Young city slickers discovered it paid to gamble when they felt the adrenaline rush of trading in an old-fashioned bear pit. Teams of pupils took part in the Stock Market Challenge 2005 with all the heart-stopping excitement of pre-computerised stock trading.
Each team was given pound;35,000 as an initial investment on the market.
Live news bulletins were broadcast to the pupils to help them make gut decisions on what to buy and sell. And, as the bell sounded for the end of trading, it was the teams which risked most on the floor that won the battle of the pound signs.
A team from Cyfarthfa high, in Merthyr Tydfil, won the Year 12 category with a portfolio value of pound;371,600. Seventeen-year-old Ian Cleary, team member and head boy, said he did not have a clue about city trading before the challenge. Speaking after the event, he said the team risked a crash to come out as top traders.
"We soon found out buying and selling quickly was the name of the game," he said.
Mike Wood, Ian's teacher and head of business studies, said: "It's not as if the pupils read the FT every day, but they are bright and quickly grasped that it was best to buy and sell shares fast."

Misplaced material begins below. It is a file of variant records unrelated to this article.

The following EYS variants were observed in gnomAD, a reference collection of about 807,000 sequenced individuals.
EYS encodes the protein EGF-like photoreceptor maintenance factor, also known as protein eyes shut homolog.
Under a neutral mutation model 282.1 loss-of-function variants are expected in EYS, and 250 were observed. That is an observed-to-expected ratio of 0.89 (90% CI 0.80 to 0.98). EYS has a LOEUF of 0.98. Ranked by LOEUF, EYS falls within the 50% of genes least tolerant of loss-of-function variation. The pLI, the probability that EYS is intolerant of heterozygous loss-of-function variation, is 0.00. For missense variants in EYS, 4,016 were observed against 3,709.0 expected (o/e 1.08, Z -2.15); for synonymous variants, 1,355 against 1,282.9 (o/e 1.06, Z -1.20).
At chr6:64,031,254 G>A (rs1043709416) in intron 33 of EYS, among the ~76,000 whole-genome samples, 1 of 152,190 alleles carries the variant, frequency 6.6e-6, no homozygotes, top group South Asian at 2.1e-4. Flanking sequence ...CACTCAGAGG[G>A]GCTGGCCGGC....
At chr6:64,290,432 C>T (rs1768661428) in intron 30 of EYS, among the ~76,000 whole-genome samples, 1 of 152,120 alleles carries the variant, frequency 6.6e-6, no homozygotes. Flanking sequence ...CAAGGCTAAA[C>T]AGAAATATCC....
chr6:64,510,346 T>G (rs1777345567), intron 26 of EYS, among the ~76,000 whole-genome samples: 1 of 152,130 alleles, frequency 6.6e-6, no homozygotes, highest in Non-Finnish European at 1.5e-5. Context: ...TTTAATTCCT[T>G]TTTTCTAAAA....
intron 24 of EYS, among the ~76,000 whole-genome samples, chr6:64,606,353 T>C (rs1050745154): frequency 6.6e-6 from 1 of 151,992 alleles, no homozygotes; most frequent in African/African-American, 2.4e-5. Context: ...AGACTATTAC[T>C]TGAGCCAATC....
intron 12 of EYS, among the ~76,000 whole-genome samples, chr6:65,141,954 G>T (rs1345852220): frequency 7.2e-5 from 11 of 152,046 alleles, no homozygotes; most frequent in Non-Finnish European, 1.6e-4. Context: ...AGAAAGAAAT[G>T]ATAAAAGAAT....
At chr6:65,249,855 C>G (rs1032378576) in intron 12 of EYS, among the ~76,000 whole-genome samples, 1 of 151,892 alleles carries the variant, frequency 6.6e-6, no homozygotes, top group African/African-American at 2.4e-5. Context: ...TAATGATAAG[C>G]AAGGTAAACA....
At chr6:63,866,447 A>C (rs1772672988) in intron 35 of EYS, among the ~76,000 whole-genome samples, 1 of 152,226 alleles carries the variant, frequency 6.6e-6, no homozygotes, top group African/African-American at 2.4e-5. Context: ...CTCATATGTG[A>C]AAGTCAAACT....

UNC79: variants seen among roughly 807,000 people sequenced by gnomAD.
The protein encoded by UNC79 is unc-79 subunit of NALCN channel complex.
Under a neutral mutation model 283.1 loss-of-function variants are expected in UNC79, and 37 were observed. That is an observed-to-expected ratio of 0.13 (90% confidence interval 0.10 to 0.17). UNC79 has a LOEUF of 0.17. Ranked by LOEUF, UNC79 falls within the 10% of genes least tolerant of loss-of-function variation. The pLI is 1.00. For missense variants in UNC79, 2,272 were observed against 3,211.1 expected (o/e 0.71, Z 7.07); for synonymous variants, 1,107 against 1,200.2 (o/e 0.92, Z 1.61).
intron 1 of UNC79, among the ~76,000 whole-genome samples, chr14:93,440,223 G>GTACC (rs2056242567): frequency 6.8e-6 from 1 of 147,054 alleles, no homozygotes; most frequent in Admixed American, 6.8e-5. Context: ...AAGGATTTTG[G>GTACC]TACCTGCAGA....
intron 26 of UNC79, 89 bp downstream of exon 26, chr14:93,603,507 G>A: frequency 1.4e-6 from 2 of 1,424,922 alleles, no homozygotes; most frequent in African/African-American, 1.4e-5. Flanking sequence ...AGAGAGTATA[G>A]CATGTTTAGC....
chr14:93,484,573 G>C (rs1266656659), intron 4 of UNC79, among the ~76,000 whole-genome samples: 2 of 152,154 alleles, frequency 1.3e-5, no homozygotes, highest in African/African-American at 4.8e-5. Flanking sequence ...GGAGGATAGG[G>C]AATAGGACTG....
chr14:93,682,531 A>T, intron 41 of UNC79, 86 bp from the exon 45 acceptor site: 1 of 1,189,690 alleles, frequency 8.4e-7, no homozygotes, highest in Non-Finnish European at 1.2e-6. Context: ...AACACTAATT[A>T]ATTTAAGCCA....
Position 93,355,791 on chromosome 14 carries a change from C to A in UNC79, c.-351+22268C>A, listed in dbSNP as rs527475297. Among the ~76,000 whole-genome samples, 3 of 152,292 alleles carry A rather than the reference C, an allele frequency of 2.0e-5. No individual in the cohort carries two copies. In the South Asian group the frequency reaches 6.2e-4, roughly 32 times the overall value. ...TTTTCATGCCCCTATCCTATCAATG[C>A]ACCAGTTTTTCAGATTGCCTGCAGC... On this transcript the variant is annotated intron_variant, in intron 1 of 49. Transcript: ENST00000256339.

The Y10 event was won by Abersychan comprehensive, in Pontypool, with a portfolio value of pound;301,200. They plan to use the pound;1,000 prize - which went to each winning year group - to set up a bookshop.
Business studies teacher Christine Thomas said: "This win has increased motivation among my pupils no end."
In all, 28 schools from across Wales took part in the competition, held at Cardiff's Coal Exchange.
Jade Edwards, 14, of St Julian's School, in Newport, said: "We had to really work as a team to get the best out of the money market."
A joint venture between the University of Wales, University of Newport and University of Glamorgan, the event was aimed at talent-spotting young people with a future in the city.
First Campus, an initiative aimed at introducing pupils as young as 10 to higher education, helped with the organisation.
Laura James, First Campus officer for Cardiff, said: " The endeavour and enthusiasm of pupils as they competed on the trading floor was impressive."
In second and third place for Y10 were Bassaleg school, in Newport (Pounds 234,500), and Oakdale comprehensive, in Blackwood (pound;234,400). Ysgol Gyfun Gymraeg Glantaf, in Cardiff (pound;305,900), and a team from Ysgol Gyfun Gymraeg Plasmawr, also in Cardiff (pound;282,500), were Y12 runners-up.